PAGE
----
Pocahontas's life had vicissitudes such as seldom befall an Indian maiden. Some time between the Smith episode of 1607, and the year 1612, she married one of her father's tributary chiefs, and went to live with him on his reservation. There she was in some manner kidnaped by one Samuel Argall, and held for ransom. The ransom was paid, but Pocahontas was not sent back; and the following year she was married to John Rolfe, a Jamestown colonist, and baptized as Rebecca. He took her to London, where she was a nine days' wonder; and they had a son, whose blood still flows in not a few American veins to-day. If she was ten years old in 1607, she must have been no more than twenty at the time of her death in Gravesend, near London. But her place in American history is secure, as well as in the hearts of all good Americans. She was the heroine of the first American romance; and she is said to have been as beautiful as all our heroines should rightly be.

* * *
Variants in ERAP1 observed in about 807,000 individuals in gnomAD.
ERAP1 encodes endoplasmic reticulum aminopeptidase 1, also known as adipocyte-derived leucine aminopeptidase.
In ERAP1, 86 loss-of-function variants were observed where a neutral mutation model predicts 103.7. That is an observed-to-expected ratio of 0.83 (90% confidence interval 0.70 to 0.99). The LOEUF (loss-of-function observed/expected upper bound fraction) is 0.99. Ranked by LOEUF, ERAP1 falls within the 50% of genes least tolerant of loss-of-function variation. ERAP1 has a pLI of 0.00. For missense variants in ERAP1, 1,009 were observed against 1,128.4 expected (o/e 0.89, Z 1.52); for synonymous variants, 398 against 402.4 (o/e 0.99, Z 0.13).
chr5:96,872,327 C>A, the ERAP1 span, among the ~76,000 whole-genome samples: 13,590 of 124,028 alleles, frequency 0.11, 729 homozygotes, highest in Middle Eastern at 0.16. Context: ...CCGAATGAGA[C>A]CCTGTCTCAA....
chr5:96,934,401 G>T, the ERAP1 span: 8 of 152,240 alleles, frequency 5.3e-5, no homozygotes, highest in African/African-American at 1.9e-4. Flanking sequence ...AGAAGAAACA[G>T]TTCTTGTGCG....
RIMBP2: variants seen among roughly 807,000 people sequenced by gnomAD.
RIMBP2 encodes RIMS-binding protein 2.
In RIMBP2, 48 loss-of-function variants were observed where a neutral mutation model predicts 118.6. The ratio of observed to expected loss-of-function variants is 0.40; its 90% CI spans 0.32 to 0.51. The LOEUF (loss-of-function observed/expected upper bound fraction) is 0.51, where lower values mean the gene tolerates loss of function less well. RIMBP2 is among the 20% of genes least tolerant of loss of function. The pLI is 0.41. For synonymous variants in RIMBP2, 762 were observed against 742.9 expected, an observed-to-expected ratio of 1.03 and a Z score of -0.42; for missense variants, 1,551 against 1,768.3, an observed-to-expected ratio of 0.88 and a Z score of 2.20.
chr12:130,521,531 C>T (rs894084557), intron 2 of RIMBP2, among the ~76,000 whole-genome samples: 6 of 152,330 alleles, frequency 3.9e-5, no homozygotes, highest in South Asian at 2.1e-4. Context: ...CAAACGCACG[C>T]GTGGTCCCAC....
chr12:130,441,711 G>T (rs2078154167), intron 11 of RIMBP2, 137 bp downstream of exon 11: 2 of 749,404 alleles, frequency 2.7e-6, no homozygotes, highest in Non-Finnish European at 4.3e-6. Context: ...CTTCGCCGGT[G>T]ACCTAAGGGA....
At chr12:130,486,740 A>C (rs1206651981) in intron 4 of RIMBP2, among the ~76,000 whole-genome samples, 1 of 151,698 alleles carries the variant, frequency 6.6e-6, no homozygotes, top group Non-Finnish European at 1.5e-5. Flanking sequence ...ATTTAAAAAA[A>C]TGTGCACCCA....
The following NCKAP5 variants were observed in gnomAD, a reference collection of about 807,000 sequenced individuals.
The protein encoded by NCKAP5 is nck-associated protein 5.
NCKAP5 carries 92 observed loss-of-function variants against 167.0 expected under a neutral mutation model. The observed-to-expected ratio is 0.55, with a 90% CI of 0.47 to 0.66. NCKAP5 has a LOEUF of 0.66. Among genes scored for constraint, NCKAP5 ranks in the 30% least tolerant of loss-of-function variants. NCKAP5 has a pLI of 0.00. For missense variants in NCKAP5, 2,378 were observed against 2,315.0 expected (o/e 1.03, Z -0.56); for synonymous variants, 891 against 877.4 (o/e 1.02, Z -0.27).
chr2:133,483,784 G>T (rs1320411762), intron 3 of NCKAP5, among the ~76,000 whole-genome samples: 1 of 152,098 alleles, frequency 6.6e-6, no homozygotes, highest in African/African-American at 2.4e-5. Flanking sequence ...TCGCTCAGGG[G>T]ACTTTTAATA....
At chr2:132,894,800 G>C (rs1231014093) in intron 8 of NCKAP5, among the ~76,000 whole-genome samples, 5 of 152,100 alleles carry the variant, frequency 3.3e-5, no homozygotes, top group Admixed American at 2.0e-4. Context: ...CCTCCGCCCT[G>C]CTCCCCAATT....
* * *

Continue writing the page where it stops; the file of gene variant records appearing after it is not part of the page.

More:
When Smith, with his Indian escort, got back to Jamestown, he was just in season to prevent the colony from running away in the boat. Soon after a new consignment of emigrants and supplies arrived from England; but again there were fewer men than gentlemen, and Smith sent back a demand for "rather thirty carpenters, husbandmen, gardeners, fishermen, blacksmiths, masons, and diggers up of trees' roots, well provided, than a thousand of such as we have." There spoke the genuine pioneer, whose heart is in his work, and who can postpone "gentility" until it grows indigenously out of the soil. The company at home were indignant that their colony had not 'ere now reimbursed them for their expenditure, and much more; and they sent word that unless profits were forthcoming forthwith (one-fifth of the gold and silver, and so forth) they would abandon the colony to its fate. One cannot help admiring Smith for refraining from the obvious rejoinder that to be abandoned was the dearest boon that they could crave; but a sense of humor sees to have been one of the few good qualities which the Captain did not possess. He intimated to the company that money was not to be picked up ready made in Virginia, but must be earned by hard work with hands and heads in the field and forest. It is his distinction to have been the first man of eminence visiting the new world who did not think more of finding gold, or the passage to India, or both, than of anything else: Smith knew that in this world, new or old, men get what they work for, and in the long run no more than that; and he made his gentlemen colonists take off their coats and blister their gentlemanly hands with the use of the spade and the ax. It is said that they excelled as woodcutters, after due instruction; and they were undoubtedly in all respects improved by this first lesson in Americanism. The American ax and its wielders have become famous since that day; and the gentlemen of Jamestown may enjoy the credit of having blazed the way.